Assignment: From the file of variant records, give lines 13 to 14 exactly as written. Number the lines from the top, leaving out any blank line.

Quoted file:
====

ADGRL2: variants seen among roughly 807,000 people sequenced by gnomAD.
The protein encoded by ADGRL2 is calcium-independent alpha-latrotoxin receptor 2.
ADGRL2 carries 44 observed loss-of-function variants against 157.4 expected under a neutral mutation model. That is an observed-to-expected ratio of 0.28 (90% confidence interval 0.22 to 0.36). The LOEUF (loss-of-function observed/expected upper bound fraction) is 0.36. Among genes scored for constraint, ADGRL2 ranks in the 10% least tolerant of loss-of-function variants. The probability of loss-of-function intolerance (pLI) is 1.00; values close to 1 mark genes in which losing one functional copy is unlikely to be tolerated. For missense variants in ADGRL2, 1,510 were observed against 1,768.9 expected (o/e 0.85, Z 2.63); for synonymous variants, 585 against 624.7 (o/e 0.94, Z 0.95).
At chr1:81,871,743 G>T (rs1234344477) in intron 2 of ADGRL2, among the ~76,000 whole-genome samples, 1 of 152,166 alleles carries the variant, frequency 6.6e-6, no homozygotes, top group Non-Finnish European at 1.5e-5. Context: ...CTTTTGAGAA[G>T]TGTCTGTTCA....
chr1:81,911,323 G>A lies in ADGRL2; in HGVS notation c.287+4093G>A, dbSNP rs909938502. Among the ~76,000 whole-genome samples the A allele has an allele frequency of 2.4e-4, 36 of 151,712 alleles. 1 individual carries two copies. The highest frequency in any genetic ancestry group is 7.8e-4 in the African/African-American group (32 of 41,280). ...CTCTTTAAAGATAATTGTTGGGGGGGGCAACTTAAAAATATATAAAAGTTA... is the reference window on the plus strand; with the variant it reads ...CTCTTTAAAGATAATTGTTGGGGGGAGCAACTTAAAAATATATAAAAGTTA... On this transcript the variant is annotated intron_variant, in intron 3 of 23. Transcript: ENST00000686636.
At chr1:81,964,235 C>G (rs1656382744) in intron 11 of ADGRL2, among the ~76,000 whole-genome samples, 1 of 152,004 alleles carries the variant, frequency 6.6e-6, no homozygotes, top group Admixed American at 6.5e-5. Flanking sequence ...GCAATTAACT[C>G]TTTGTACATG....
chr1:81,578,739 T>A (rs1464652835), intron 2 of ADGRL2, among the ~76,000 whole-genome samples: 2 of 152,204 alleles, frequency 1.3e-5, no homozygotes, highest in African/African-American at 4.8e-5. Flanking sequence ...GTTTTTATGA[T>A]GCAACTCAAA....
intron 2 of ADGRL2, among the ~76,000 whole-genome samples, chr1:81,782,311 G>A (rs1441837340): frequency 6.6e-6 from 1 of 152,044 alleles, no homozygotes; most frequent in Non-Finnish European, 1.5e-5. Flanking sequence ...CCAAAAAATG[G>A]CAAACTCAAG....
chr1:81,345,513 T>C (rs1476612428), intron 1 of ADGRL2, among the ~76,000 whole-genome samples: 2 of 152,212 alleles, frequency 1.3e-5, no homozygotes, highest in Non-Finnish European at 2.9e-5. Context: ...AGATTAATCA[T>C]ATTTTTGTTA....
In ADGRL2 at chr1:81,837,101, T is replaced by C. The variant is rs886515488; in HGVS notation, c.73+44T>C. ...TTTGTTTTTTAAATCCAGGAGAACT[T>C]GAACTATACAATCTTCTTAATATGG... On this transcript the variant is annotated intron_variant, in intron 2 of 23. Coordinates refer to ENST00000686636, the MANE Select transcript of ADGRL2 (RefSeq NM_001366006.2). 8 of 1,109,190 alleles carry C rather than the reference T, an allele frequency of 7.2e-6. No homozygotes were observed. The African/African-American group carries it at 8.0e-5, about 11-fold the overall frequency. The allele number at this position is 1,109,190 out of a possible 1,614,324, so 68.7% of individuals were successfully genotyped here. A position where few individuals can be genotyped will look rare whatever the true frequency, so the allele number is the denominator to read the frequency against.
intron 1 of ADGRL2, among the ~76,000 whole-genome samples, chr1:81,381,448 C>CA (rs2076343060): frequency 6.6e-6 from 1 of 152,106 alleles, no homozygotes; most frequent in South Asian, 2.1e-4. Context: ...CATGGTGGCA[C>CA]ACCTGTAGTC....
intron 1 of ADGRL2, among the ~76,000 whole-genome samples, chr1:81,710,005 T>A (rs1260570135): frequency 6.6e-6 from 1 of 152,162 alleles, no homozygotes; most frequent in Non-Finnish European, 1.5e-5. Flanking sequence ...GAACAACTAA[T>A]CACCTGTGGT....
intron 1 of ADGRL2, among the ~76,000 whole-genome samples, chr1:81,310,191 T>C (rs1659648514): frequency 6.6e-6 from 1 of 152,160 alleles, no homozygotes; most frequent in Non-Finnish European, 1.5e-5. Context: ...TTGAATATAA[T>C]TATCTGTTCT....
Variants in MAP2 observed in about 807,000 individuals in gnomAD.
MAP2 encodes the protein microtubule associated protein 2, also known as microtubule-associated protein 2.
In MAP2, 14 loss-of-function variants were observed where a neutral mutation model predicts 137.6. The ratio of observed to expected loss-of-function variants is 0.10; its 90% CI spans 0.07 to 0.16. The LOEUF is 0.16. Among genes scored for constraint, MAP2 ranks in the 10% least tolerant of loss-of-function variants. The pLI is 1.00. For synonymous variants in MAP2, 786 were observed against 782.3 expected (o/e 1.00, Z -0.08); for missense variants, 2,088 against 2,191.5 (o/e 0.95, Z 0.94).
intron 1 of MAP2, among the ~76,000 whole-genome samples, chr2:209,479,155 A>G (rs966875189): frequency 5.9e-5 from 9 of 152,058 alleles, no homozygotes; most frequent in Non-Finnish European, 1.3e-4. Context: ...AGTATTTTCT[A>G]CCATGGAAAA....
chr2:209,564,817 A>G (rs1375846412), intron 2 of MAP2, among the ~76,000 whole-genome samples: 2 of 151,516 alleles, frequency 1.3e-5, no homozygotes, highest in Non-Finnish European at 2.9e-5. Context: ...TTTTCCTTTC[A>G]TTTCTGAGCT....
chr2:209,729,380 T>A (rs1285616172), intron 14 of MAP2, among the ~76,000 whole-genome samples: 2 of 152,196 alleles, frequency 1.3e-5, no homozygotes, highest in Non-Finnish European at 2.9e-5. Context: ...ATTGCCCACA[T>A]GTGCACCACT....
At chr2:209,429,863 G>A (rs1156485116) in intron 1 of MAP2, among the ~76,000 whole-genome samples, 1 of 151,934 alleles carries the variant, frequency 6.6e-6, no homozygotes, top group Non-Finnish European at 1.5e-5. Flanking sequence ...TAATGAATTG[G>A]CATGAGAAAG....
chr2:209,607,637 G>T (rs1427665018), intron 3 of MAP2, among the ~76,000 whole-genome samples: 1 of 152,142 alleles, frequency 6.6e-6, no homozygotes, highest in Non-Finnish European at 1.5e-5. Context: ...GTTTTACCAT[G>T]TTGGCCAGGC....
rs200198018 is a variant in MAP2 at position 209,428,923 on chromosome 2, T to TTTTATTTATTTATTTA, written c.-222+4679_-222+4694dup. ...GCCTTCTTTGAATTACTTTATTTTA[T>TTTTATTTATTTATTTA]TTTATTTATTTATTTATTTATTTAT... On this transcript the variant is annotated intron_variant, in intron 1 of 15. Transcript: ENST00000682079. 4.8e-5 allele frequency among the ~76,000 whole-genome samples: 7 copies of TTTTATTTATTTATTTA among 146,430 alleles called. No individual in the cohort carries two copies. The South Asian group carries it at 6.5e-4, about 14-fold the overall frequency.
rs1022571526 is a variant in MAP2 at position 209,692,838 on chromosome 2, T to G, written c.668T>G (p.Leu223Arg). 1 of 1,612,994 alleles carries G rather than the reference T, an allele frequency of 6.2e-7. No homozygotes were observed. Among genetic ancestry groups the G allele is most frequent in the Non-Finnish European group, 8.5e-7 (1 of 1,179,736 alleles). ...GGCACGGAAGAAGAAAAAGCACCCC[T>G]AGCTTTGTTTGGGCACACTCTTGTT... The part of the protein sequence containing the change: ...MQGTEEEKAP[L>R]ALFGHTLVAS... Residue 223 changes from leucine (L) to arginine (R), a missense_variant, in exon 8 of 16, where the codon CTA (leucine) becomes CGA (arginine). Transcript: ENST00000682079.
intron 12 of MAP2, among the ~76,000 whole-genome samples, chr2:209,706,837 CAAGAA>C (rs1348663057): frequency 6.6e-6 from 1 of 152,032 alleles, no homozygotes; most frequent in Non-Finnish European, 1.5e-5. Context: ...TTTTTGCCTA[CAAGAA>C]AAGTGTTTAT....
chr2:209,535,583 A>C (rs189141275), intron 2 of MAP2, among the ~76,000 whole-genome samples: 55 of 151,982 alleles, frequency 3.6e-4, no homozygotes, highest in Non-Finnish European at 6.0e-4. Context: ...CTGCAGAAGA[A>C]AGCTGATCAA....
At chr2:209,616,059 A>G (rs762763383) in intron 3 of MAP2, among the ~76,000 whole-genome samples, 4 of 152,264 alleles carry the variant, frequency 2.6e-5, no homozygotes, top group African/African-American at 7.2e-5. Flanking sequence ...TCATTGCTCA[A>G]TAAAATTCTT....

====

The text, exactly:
intron 1 of ADGRL2, among the ~76,000 whole-genome samples, chr1:81,310,191 T>C (rs1659648514): frequency 6.6e-6 from 1 of 152,160 alleles, no homozygotes; most frequent in Non-Finnish European, 1.5e-5. Context: ...TTGAATATAA[T>C]TATCTGTTCT....
Variants in MAP2 observed in about 807,000 individuals in gnomAD.